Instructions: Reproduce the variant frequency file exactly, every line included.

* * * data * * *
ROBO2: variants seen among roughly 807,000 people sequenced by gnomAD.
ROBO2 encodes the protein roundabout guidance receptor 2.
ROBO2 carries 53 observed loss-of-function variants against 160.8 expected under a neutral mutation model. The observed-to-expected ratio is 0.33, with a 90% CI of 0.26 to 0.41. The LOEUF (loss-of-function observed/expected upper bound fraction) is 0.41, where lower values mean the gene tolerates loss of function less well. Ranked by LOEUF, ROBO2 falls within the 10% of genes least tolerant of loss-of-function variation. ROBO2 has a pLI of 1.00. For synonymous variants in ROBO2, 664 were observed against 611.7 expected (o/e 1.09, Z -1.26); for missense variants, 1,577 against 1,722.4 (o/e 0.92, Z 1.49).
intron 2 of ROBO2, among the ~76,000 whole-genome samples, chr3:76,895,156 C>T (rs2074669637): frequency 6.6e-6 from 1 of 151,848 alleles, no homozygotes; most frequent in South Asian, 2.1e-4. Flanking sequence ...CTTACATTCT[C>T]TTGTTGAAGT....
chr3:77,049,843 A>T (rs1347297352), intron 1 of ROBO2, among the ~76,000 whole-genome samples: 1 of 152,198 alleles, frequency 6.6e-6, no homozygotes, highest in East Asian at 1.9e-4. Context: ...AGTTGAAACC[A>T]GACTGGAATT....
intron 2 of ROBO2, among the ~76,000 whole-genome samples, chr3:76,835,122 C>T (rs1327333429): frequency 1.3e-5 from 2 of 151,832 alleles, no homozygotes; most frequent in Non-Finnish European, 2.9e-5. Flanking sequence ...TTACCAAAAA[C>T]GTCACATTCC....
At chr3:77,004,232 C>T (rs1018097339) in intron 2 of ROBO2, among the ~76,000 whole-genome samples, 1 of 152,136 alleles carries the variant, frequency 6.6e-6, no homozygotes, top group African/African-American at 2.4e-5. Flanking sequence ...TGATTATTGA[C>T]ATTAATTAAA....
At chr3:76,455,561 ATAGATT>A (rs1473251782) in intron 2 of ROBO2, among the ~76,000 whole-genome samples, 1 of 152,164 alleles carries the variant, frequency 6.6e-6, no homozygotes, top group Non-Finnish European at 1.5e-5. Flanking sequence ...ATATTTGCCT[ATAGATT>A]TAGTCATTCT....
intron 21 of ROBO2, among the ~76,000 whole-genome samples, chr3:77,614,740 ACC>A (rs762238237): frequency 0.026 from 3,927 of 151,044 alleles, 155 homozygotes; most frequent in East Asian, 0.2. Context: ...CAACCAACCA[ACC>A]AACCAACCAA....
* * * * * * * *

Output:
ROBO2: variants seen among roughly 807,000 people sequenced by gnomAD.
ROBO2 encodes the protein roundabout guidance receptor 2.
ROBO2 carries 53 observed loss-of-function variants against 160.8 expected under a neutral mutation model. The observed-to-expected ratio is 0.33, with a 90% CI of 0.26 to 0.41. The LOEUF (loss-of-function observed/expected upper bound fraction) is 0.41, where lower values mean the gene tolerates loss of function less well. Ranked by LOEUF, ROBO2 falls within the 10% of genes least tolerant of loss-of-function variation. ROBO2 has a pLI of 1.00. For synonymous variants in ROBO2, 664 were observed against 611.7 expected (o/e 1.09, Z -1.26); for missense variants, 1,577 against 1,722.4 (o/e 0.92, Z 1.49).
intron 2 of ROBO2, among the ~76,000 whole-genome samples, chr3:76,895,156 C>T (rs2074669637): frequency 6.6e-6 from 1 of 151,848 alleles, no homozygotes; most frequent in South Asian, 2.1e-4. Flanking sequence ...CTTACATTCT[C>T]TTGTTGAAGT....
chr3:77,049,843 A>T (rs1347297352), intron 1 of ROBO2, among the ~76,000 whole-genome samples: 1 of 152,198 alleles, frequency 6.6e-6, no homozygotes, highest in East Asian at 1.9e-4. Context: ...AGTTGAAACC[A>T]GACTGGAATT....
intron 2 of ROBO2, among the ~76,000 whole-genome samples, chr3:76,835,122 C>T (rs1327333429): frequency 1.3e-5 from 2 of 151,832 alleles, no homozygotes; most frequent in Non-Finnish European, 2.9e-5. Flanking sequence ...TTACCAAAAA[C>T]GTCACATTCC....
At chr3:77,004,232 C>T (rs1018097339) in intron 2 of ROBO2, among the ~76,000 whole-genome samples, 1 of 152,136 alleles carries the variant, frequency 6.6e-6, no homozygotes, top group African/African-American at 2.4e-5. Flanking sequence ...TGATTATTGA[C>T]ATTAATTAAA....
At chr3:76,455,561 ATAGATT>A (rs1473251782) in intron 2 of ROBO2, among the ~76,000 whole-genome samples, 1 of 152,164 alleles carries the variant, frequency 6.6e-6, no homozygotes, top group Non-Finnish European at 1.5e-5. Flanking sequence ...ATATTTGCCT[ATAGATT>A]TAGTCATTCT....
intron 21 of ROBO2, among the ~76,000 whole-genome samples, chr3:77,614,740 ACC>A (rs762238237): frequency 0.026 from 3,927 of 151,044 alleles, 155 homozygotes; most frequent in East Asian, 0.2. Context: ...CAACCAACCA[ACC>A]AACCAACCAA....